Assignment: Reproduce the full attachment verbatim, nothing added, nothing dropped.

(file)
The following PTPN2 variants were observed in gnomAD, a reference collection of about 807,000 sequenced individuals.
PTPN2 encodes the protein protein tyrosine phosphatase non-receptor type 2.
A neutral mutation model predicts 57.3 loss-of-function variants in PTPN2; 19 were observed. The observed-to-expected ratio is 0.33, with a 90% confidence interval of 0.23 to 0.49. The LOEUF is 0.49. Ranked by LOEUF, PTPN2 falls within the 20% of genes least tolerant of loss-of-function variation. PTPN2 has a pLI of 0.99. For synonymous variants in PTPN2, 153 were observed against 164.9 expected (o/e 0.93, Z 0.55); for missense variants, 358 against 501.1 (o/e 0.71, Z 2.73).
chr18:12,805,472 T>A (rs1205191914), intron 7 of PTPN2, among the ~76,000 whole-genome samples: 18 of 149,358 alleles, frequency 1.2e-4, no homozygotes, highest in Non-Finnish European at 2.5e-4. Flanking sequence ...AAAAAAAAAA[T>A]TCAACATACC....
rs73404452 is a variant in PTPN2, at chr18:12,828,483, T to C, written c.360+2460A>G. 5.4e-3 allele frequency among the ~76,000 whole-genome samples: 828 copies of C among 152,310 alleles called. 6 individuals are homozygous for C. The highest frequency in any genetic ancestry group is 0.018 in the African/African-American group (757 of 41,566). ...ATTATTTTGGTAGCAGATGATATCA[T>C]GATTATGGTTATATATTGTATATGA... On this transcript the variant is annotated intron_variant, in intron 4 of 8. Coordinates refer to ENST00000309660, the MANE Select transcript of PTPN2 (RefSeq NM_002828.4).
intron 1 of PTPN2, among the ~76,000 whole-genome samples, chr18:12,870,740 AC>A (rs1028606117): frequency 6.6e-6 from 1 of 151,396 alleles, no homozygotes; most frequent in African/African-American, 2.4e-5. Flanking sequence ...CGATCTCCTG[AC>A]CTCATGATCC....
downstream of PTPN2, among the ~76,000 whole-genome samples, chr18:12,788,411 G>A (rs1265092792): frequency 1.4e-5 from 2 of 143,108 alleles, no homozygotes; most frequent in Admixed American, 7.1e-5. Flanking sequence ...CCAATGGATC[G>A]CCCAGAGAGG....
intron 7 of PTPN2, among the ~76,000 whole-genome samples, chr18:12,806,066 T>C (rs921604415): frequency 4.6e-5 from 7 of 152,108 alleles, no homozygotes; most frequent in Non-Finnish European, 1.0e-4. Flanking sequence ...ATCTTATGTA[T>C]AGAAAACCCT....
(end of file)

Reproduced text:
The following PTPN2 variants were observed in gnomAD, a reference collection of about 807,000 sequenced individuals.
PTPN2 encodes the protein protein tyrosine phosphatase non-receptor type 2.
A neutral mutation model predicts 57.3 loss-of-function variants in PTPN2; 19 were observed. The observed-to-expected ratio is 0.33, with a 90% confidence interval of 0.23 to 0.49. The LOEUF is 0.49. Ranked by LOEUF, PTPN2 falls within the 20% of genes least tolerant of loss-of-function variation. PTPN2 has a pLI of 0.99. For synonymous variants in PTPN2, 153 were observed against 164.9 expected (o/e 0.93, Z 0.55); for missense variants, 358 against 501.1 (o/e 0.71, Z 2.73).
chr18:12,805,472 T>A (rs1205191914), intron 7 of PTPN2, among the ~76,000 whole-genome samples: 18 of 149,358 alleles, frequency 1.2e-4, no homozygotes, highest in Non-Finnish European at 2.5e-4. Flanking sequence ...AAAAAAAAAA[T>A]TCAACATACC....
rs73404452 is a variant in PTPN2, at chr18:12,828,483, T to C, written c.360+2460A>G. 5.4e-3 allele frequency among the ~76,000 whole-genome samples: 828 copies of C among 152,310 alleles called. 6 individuals are homozygous for C. The highest frequency in any genetic ancestry group is 0.018 in the African/African-American group (757 of 41,566). ...ATTATTTTGGTAGCAGATGATATCA[T>C]GATTATGGTTATATATTGTATATGA... On this transcript the variant is annotated intron_variant, in intron 4 of 8. Coordinates refer to ENST00000309660, the MANE Select transcript of PTPN2 (RefSeq NM_002828.4).
intron 1 of PTPN2, among the ~76,000 whole-genome samples, chr18:12,870,740 AC>A (rs1028606117): frequency 6.6e-6 from 1 of 151,396 alleles, no homozygotes; most frequent in African/African-American, 2.4e-5. Flanking sequence ...CGATCTCCTG[AC>A]CTCATGATCC....
downstream of PTPN2, among the ~76,000 whole-genome samples, chr18:12,788,411 G>A (rs1265092792): frequency 1.4e-5 from 2 of 143,108 alleles, no homozygotes; most frequent in Admixed American, 7.1e-5. Flanking sequence ...CCAATGGATC[G>A]CCCAGAGAGG....
intron 7 of PTPN2, among the ~76,000 whole-genome samples, chr18:12,806,066 T>C (rs921604415): frequency 4.6e-5 from 7 of 152,108 alleles, no homozygotes; most frequent in Non-Finnish European, 1.0e-4. Flanking sequence ...ATCTTATGTA[T>C]AGAAAACCCT....